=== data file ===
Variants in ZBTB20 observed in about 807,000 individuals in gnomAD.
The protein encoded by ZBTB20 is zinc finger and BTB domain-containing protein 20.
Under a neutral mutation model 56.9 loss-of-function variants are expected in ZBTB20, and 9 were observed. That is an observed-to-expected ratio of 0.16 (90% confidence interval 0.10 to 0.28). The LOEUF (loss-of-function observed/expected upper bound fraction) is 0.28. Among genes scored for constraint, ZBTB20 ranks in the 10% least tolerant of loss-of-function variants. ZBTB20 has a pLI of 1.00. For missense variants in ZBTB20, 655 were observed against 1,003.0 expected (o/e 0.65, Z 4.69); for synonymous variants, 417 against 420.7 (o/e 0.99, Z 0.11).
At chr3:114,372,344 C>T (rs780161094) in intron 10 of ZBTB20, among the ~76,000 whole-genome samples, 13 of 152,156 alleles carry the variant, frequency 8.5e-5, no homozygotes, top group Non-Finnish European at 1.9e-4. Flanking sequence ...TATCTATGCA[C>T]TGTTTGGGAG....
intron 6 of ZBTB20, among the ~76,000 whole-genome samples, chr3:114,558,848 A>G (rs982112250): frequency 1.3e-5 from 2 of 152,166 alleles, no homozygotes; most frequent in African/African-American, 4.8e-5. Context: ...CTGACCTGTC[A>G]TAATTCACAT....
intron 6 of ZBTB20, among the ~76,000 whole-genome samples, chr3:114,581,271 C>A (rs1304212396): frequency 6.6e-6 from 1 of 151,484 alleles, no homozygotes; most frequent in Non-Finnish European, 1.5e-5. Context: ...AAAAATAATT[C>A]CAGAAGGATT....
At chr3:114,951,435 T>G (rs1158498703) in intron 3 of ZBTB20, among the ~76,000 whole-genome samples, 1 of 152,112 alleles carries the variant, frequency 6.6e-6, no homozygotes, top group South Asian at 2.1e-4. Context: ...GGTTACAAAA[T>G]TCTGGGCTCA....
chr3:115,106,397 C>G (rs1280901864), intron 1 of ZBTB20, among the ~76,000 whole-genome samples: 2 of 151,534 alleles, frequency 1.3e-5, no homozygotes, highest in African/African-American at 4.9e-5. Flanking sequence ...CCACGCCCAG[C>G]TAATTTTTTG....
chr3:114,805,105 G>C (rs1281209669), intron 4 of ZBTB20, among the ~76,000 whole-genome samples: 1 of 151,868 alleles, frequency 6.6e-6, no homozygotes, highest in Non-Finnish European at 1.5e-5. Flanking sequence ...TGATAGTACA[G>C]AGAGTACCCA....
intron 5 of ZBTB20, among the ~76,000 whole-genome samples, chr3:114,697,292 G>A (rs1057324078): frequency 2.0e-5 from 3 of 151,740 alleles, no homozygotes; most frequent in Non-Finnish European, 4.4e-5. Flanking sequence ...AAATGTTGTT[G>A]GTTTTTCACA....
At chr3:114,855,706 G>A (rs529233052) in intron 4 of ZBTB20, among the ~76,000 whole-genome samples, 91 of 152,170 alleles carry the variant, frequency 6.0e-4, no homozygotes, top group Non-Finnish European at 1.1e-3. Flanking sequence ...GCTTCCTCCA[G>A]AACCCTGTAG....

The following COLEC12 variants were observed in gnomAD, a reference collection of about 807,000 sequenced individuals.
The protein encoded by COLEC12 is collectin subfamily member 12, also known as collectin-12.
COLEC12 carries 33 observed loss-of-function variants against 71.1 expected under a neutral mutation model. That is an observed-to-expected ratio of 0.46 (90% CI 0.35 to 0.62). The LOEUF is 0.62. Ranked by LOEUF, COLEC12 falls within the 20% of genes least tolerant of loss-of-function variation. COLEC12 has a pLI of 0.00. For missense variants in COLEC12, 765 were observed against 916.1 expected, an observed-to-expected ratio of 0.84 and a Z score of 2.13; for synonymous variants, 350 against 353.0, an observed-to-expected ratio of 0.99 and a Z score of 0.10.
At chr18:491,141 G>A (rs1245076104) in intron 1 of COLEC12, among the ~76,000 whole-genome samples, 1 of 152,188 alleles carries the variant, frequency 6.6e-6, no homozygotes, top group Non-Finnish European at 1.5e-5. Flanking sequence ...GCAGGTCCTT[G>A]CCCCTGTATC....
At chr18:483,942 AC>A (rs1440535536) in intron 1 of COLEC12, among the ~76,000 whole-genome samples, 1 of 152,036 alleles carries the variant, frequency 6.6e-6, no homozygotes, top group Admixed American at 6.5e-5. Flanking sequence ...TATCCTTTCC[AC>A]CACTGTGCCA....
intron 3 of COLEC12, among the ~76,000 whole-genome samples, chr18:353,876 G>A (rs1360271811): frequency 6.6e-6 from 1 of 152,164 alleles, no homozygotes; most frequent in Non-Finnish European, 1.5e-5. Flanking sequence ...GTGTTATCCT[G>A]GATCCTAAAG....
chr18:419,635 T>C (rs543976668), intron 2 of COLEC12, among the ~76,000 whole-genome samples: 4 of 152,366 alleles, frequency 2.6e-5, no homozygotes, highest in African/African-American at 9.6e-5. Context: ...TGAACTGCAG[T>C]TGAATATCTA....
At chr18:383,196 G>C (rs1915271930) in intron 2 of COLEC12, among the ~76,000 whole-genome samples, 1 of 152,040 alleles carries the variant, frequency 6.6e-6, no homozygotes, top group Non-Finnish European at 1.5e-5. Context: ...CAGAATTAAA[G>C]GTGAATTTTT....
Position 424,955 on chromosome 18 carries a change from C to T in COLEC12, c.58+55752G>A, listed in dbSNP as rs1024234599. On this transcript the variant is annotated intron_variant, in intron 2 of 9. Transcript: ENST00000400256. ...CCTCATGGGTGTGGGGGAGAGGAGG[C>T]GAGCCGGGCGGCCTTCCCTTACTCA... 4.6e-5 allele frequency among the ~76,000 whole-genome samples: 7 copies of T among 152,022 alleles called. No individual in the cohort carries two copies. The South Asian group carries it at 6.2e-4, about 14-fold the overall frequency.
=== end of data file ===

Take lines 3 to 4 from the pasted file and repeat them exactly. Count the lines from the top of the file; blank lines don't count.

Under a neutral mutation model 56.9 loss-of-function variants are expected in ZBTB20, and 9 were observed. That is an observed-to-expected ratio of 0.16 (90% confidence interval 0.10 to 0.28). The LOEUF (loss-of-function observed/expected upper bound fraction) is 0.28. Among genes scored for constraint, ZBTB20 ranks in the 10% least tolerant of loss-of-function variants. ZBTB20 has a pLI of 1.00. For missense variants in ZBTB20, 655 were observed against 1,003.0 expected (o/e 0.65, Z 4.69); for synonymous variants, 417 against 420.7 (o/e 0.99, Z 0.11).
At chr3:114,372,344 C>T (rs780161094) in intron 10 of ZBTB20, among the ~76,000 whole-genome samples, 13 of 152,156 alleles carry the variant, frequency 8.5e-5, no homozygotes, top group Non-Finnish European at 1.9e-4. Flanking sequence ...TATCTATGCA[C>T]TGTTTGGGAG....